GOP Continues March to End 40-Hour Workweek

Just two days after coming back from vacation, House Republicans are wasting no time pushing legislation that would hurt working families.

House Speaker John Boehner and Majority Leader Eric Cantor joined Rep. Martha Roby (R-AL), sponsor of the deceptively-titled “Working Families Flexibility Act” (H.R. 1406), as they paraded the bill around Capitol Hill Tuesday. The bill would upend overtime pay and end the 40-hour workweek as we know it.

For example, under current law, hourly employees are paid time-and-a-half for hours worked over 40 hours per week. If passed, this bill would give employers the power to take those wages and put them in a pot for future time off. This means employees wouldn’t get paid for all their work in a given pay period, which is bad news for families who are already living pay check to pay check.

The GOP is trying to sell the bill as an innovative way to help American workers better balance time between family and work, but in a letter to Congress, IAM President Tom Buffenbarger makes it clear that this proposal is no friend of the middle class.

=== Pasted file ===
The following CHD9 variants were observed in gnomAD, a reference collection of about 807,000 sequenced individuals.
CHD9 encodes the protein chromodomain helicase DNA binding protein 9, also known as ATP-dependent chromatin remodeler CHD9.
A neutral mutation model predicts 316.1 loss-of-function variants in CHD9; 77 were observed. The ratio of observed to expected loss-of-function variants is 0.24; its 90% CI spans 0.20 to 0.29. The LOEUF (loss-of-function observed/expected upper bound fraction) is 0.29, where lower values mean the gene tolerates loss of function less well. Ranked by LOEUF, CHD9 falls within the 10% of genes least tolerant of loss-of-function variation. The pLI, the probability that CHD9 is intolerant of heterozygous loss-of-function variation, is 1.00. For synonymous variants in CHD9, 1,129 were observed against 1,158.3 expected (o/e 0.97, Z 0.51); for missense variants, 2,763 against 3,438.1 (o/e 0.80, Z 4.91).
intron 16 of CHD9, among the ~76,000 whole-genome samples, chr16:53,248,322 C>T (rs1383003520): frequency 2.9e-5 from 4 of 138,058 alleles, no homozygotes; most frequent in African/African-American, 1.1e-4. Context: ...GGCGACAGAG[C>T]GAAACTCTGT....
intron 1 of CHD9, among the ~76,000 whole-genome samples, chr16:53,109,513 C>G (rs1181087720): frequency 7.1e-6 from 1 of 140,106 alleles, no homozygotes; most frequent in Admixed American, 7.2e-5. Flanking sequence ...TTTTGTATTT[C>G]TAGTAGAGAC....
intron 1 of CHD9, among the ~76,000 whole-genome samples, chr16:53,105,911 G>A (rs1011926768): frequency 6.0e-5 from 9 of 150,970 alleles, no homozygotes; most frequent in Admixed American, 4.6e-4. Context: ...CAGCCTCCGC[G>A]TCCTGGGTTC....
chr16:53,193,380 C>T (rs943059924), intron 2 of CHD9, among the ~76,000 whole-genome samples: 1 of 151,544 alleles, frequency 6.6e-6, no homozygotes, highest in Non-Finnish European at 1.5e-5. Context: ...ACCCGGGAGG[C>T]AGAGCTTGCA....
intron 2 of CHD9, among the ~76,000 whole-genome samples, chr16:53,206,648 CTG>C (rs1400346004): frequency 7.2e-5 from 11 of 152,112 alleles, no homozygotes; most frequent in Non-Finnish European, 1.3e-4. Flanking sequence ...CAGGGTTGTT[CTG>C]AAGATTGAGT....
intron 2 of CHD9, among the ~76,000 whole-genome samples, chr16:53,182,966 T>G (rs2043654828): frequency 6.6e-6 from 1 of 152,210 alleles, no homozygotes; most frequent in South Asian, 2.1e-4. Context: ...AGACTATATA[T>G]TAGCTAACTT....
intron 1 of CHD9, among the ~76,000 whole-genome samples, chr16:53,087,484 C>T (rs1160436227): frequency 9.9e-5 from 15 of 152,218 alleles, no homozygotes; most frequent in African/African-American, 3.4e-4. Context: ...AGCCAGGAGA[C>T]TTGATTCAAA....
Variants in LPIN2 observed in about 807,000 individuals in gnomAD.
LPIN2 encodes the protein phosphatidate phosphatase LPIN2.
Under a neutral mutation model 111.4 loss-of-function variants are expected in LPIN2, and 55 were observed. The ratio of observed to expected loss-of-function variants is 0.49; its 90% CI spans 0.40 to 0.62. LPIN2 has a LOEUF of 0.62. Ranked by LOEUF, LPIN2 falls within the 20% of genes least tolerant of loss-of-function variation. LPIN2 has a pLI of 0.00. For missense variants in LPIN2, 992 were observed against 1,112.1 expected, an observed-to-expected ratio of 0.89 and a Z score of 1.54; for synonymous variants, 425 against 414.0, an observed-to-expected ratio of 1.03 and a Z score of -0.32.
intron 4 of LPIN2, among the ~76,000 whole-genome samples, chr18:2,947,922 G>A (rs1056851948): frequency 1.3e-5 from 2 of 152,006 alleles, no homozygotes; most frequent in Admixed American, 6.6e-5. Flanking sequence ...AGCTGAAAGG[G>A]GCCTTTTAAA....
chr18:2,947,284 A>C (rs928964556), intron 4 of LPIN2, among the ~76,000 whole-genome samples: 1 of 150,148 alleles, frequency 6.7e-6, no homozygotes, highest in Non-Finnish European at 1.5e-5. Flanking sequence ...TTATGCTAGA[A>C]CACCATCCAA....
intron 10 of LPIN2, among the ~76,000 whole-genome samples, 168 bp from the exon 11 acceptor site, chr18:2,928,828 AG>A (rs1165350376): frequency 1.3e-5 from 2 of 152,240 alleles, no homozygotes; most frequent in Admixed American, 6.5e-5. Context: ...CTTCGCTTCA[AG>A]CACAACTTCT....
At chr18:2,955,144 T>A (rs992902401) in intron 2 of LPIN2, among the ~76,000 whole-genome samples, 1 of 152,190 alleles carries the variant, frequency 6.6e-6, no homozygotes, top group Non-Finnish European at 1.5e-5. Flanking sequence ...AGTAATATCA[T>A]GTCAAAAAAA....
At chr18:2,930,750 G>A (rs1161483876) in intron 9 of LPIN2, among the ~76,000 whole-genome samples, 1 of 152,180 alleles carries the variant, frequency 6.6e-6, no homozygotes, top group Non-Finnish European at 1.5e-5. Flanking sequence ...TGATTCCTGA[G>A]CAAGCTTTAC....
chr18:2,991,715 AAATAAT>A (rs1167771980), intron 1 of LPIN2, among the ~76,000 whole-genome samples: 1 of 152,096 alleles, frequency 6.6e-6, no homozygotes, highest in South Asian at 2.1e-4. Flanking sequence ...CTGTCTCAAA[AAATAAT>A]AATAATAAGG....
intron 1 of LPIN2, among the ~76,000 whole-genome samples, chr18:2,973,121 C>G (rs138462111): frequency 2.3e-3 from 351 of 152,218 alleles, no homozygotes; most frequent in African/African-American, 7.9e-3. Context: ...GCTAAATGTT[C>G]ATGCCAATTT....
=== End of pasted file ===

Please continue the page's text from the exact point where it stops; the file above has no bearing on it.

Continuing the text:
“The Federal Labor Standards Act (FLSA) of 1938 established the 40-hour workweek, however, its only enforcement mechanism is the requirement that employers pay a cash premium for overtime work,” said Buffenbarger. “Comp-time’ legislation would remove this obligation from employers who offer compensatory time off instead. This legislation would make it cheaper for employers to demand mandatory overtime, undermining the FLSA’s only incentive against excessive hours.”

The White House released a statement Monday threatening to veto the bill, saying the legislation, “undermines the existing right to hard-earned overtime pay, on which many working families rely to make ends meet, while misrepresenting itself as a workplace flexibility measure that gives power to employees over their own schedules.” 

The bill is also opposed by many organizations that fight for workers’ rights, including AFL-CIO, the National Domestic Workers Alliance, the National Employment Law Project and the National Partnership for Women and Families.

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